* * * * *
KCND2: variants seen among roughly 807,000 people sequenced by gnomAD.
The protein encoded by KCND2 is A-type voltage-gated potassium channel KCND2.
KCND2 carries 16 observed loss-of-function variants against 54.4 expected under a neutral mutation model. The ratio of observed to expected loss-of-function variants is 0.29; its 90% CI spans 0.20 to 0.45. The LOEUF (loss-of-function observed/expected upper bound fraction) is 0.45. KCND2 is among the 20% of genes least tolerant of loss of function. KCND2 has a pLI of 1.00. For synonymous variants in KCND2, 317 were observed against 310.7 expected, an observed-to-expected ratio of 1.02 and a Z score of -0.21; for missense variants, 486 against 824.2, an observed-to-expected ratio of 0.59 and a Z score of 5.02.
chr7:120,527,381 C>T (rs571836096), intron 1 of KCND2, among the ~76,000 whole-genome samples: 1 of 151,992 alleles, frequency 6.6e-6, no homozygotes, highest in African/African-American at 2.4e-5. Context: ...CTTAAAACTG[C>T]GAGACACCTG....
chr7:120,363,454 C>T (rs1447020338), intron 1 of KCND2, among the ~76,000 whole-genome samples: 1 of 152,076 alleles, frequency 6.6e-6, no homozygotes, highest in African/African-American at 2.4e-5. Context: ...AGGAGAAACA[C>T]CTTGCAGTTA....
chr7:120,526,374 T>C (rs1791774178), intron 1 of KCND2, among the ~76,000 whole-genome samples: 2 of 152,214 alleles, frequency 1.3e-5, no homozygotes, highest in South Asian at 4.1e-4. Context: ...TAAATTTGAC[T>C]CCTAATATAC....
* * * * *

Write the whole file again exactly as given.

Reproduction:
KCND2: variants seen among roughly 807,000 people sequenced by gnomAD.
The protein encoded by KCND2 is A-type voltage-gated potassium channel KCND2.
KCND2 carries 16 observed loss-of-function variants against 54.4 expected under a neutral mutation model. The ratio of observed to expected loss-of-function variants is 0.29; its 90% CI spans 0.20 to 0.45. The LOEUF (loss-of-function observed/expected upper bound fraction) is 0.45. KCND2 is among the 20% of genes least tolerant of loss of function. KCND2 has a pLI of 1.00. For synonymous variants in KCND2, 317 were observed against 310.7 expected, an observed-to-expected ratio of 1.02 and a Z score of -0.21; for missense variants, 486 against 824.2, an observed-to-expected ratio of 0.59 and a Z score of 5.02.
chr7:120,527,381 C>T (rs571836096), intron 1 of KCND2, among the ~76,000 whole-genome samples: 1 of 151,992 alleles, frequency 6.6e-6, no homozygotes, highest in African/African-American at 2.4e-5. Context: ...CTTAAAACTG[C>T]GAGACACCTG....
chr7:120,363,454 C>T (rs1447020338), intron 1 of KCND2, among the ~76,000 whole-genome samples: 1 of 152,076 alleles, frequency 6.6e-6, no homozygotes, highest in African/African-American at 2.4e-5. Context: ...AGGAGAAACA[C>T]CTTGCAGTTA....
chr7:120,526,374 T>C (rs1791774178), intron 1 of KCND2, among the ~76,000 whole-genome samples: 2 of 152,214 alleles, frequency 1.3e-5, no homozygotes, highest in South Asian at 4.1e-4. Context: ...TAAATTTGAC[T>C]CCTAATATAC....